Volume 4, Issue 3, (Originally Published on Monday 12th August 2013)
Associate Professor Peter Rush was the MLS faculty representative at CTLS in the January 2013 semester, and taught two subjects, Transitional Law, and International Criminal Law (the latter co-taught with Professor David Luban of Georgetown University).
DM: How did you become interested in international Law?
PR: Legal theory and jurisprudence is intrinsically, from its inception, a transnational understanding of law, which is alive to the differences within legal systems historically, and between legal systems in the contemporary world.
So although I specialised for a long time in criminal law, about 10 – 15 years ago, I started thinking I could build and expand that area of criminal law and comparative criminal law, to take account of the development in the 1990s of international criminal justice, which has always struggled with the different legal systems which it draws upon, not just international law and regional systems such as the European Union and Southern Cone, but also the plurality of civil law and common law traditions.
How did you become involved with CTLS?
In 2012, I was invited to give a colloquium at CTLS, and my experience of that was outstanding.
Students were engaged, and my colleagues were enthusiastic in talking about their own interests and in creating a dialogue across jurisdictions.
I was talking on ways in which Argentina, law and film have contributed to our contemporary understanding of international criminal justice, and people were really willing to talk across both disciplines and legal areas. So I became very enthusiastic at that point, and [then co-director] Naomi Mezey invited me to put my name forward as the Melbourne representative for the 2012 – 2013 academic year.
What do you think CTLS contributes to a law student’s learning?
The primary benefit of CTLS is that it is designed and practices its teaching and study in such a way as to open law students to the variety and distinctiveness of the many jurisdictions, which contemporary lawyers on the global stage encounter on a daily basis.
It brings together some of the best students from more than 15 legal jurisdictions, and brings them into a hothouse environment where there is a focus on engaging across jurisdictions, across subject areas, and thinking about the challenges and possibilities of transnational study.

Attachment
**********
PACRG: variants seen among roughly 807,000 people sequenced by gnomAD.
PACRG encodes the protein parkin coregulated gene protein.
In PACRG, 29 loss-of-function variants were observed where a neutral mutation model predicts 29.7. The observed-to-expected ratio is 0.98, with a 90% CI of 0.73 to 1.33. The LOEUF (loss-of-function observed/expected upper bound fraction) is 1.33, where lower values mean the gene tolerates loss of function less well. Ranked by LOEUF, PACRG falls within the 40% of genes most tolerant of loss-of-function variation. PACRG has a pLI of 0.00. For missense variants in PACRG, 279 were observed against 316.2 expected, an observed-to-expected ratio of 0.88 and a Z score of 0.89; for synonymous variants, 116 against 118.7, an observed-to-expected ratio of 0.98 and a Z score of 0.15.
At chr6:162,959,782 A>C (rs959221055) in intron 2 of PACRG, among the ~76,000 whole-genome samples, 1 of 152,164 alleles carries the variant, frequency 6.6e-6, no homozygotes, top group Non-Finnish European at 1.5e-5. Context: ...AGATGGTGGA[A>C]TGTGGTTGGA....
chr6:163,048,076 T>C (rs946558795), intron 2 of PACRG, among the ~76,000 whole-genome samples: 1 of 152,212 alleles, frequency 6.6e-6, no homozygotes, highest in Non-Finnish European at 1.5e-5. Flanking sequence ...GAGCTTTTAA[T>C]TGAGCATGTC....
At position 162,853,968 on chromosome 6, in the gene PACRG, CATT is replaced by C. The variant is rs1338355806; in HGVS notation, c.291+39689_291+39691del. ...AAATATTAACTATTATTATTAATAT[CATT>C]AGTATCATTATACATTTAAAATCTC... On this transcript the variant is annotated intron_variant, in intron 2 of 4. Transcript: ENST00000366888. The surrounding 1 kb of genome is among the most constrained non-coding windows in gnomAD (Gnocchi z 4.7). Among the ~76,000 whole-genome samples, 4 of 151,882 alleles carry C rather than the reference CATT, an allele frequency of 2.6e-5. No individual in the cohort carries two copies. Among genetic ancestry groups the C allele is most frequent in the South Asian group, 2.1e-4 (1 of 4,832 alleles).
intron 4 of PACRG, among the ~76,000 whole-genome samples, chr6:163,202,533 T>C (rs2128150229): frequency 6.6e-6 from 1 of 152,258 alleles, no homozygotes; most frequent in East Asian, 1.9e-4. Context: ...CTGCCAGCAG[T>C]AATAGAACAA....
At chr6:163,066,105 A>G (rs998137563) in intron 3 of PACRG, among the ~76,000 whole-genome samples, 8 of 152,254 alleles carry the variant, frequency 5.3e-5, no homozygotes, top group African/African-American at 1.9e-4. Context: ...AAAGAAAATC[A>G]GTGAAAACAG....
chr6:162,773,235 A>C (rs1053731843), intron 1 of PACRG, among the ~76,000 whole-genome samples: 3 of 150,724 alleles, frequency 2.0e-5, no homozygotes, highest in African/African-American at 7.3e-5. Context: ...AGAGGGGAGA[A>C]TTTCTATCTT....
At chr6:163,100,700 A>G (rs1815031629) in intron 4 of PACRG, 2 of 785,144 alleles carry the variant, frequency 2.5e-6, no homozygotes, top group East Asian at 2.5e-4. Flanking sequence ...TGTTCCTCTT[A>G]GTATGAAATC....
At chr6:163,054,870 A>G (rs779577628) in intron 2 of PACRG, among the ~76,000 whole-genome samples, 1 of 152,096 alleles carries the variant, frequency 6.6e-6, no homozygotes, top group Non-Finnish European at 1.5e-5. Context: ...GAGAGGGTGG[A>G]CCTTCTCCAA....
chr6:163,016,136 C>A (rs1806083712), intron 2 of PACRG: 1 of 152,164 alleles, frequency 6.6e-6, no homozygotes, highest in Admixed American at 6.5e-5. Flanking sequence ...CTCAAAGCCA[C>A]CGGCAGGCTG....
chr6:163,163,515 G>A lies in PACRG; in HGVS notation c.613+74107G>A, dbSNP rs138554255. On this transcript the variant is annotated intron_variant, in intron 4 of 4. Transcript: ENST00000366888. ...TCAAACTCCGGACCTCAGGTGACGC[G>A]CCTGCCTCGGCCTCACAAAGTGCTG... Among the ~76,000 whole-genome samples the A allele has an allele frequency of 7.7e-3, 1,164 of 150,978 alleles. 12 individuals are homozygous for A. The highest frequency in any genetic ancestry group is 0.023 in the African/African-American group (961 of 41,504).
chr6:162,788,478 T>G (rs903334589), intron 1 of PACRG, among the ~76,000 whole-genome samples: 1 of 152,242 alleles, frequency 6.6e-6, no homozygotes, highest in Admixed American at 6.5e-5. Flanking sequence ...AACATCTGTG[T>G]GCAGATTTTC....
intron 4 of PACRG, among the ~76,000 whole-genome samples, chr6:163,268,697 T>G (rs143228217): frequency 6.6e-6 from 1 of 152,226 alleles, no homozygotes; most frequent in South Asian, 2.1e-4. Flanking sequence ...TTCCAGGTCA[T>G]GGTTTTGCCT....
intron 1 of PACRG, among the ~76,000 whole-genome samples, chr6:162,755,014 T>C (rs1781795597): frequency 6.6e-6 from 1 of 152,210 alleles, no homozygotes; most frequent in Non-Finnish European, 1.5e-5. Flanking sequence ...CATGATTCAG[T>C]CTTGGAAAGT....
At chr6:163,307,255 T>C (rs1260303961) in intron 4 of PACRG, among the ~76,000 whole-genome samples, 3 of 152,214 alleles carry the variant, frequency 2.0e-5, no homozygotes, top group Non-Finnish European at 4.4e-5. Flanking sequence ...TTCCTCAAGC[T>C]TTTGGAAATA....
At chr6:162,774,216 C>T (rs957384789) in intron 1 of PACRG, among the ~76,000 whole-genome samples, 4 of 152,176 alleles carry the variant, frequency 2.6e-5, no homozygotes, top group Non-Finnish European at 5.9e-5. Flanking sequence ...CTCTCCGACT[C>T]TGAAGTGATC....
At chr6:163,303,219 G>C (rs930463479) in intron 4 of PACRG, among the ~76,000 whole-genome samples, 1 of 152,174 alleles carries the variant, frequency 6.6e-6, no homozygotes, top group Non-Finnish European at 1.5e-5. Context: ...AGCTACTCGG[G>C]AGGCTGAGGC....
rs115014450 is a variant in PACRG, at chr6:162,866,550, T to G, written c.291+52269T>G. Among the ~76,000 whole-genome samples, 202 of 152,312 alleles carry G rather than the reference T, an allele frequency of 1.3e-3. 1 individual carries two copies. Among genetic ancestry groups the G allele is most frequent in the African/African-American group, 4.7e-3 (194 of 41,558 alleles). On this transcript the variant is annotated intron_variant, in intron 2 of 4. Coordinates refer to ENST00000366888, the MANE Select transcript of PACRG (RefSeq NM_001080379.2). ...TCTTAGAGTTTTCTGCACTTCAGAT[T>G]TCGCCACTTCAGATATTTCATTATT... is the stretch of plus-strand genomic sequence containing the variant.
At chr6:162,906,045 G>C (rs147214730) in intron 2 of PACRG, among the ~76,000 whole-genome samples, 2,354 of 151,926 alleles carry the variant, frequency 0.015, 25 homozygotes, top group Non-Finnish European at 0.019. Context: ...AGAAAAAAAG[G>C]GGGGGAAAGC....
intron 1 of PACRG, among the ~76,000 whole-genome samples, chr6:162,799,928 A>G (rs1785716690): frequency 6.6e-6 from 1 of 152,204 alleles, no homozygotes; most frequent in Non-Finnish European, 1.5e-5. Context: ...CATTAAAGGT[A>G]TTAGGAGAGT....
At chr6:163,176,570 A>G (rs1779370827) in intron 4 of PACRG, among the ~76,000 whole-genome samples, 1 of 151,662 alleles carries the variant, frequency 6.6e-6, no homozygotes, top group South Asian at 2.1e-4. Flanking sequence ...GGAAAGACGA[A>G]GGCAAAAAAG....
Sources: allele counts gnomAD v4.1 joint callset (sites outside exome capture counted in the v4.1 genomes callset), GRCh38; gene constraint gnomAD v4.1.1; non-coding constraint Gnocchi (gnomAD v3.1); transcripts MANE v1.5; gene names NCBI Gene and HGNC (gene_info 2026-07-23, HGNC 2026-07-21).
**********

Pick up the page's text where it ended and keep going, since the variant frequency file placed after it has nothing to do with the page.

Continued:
What is unique about this is [it’s] not the same as simply going on exchange, where you are only exposed to one jurisdiction and the issues that are most pressing for that jurisdiction in a trans-national context.
I think it is striking that I encountered students from Jerusalem, both Hebrew and Palestinian, from Switzerland, Italy, Korea, China, Portugal, Colombia, Singapore, Russia, Germany, Canada, the USA, amongst others. In this sense, CTLS is like doing all the exchanges in one place.
The differences between the jurisdictions make it imperative that you encounter and deal with the different ways in which legal problems are both framed, given shape, and also solved, using the tools that are sometimes domestic, sometimes regional, sometimes international, and sometimes jurisprudential. It thus prepares students for the interesting and challenging rewards of working in the contemporary legal world.
What do you think are the most critical challenges facing the legal profession in international criminal law?
The key challenge always in international criminal law, and international criminal justice more broadly, has been to work out what the role of the law is in the aftermath of extensive cross-border conflict and mass atrocity.
Whether law should be the way in which we respond to these conflicts and atrocities? How does law respond to these sorts of situations? What are the variety of legal mechanisms which are appropriate to the local context?
Because one of the defining tensions within international criminal law is the relationship between the international community and the plurality of local interests, communities and institutions.
For the profession, I think the key challenge is how to manage the diversity, and often fragmentation of legal regimes in plural jurisdictions.
Advice for students?
First, be open-minded when coming to CTLS, and you will get more out of your interactions and social relationships and study when you are here.
Second, plan your trip as early as possible.
Third, speak with academics who have taught at CTLS and other students who have been. It is always useful to get details of what to expect, and what not to expect.